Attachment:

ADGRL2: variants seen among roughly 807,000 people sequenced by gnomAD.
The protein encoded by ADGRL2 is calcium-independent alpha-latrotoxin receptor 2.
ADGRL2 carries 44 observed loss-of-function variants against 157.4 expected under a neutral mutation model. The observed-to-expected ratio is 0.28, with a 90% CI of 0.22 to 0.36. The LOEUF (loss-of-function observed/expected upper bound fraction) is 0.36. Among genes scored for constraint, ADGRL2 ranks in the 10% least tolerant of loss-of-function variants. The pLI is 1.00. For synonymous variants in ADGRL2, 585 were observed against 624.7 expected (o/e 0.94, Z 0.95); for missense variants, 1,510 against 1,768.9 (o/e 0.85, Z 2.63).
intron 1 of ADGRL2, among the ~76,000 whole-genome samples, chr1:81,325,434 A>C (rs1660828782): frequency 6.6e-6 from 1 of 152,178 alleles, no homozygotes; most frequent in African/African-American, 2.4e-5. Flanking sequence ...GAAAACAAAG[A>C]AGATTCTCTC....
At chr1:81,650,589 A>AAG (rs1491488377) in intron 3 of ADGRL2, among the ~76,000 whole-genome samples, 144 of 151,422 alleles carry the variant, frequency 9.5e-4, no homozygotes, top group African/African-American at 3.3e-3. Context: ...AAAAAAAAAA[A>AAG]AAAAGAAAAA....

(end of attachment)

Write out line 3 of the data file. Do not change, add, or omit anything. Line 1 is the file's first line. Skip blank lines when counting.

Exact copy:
ADGRL2 carries 44 observed loss-of-function variants against 157.4 expected under a neutral mutation model. The observed-to-expected ratio is 0.28, with a 90% CI of 0.22 to 0.36. The LOEUF (loss-of-function observed/expected upper bound fraction) is 0.36. Among genes scored for constraint, ADGRL2 ranks in the 10% least tolerant of loss-of-function variants. The pLI is 1.00. For synonymous variants in ADGRL2, 585 were observed against 624.7 expected (o/e 0.94, Z 0.95); for missense variants, 1,510 against 1,768.9 (o/e 0.85, Z 2.63).